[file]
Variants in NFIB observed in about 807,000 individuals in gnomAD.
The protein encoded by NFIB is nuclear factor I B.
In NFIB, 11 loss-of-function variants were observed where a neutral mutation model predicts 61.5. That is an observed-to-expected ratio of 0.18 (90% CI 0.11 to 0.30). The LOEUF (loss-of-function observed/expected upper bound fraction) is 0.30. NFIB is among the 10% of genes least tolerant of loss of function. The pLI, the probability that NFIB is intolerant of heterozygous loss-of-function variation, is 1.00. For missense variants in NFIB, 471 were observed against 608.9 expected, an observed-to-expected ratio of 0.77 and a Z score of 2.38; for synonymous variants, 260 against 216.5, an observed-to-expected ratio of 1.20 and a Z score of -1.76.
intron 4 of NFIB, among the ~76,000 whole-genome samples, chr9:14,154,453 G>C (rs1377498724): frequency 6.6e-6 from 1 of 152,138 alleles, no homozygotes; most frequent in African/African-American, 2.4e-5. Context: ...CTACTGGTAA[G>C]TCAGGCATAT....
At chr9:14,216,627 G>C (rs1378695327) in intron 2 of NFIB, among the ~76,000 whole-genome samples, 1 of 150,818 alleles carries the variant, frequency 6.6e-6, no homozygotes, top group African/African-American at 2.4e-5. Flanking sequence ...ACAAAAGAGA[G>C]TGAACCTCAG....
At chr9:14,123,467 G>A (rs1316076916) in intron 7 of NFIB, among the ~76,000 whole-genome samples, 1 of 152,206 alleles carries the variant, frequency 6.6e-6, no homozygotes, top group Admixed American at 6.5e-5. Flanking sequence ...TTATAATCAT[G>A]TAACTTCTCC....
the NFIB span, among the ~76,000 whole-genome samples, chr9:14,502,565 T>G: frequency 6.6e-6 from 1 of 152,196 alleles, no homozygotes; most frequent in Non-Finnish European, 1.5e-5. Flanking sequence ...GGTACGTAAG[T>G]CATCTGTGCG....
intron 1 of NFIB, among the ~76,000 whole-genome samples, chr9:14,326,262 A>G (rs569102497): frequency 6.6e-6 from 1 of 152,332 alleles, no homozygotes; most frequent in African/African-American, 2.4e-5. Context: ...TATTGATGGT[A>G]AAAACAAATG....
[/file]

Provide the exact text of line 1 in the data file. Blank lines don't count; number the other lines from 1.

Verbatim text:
Variants in NFIB observed in about 807,000 individuals in gnomAD.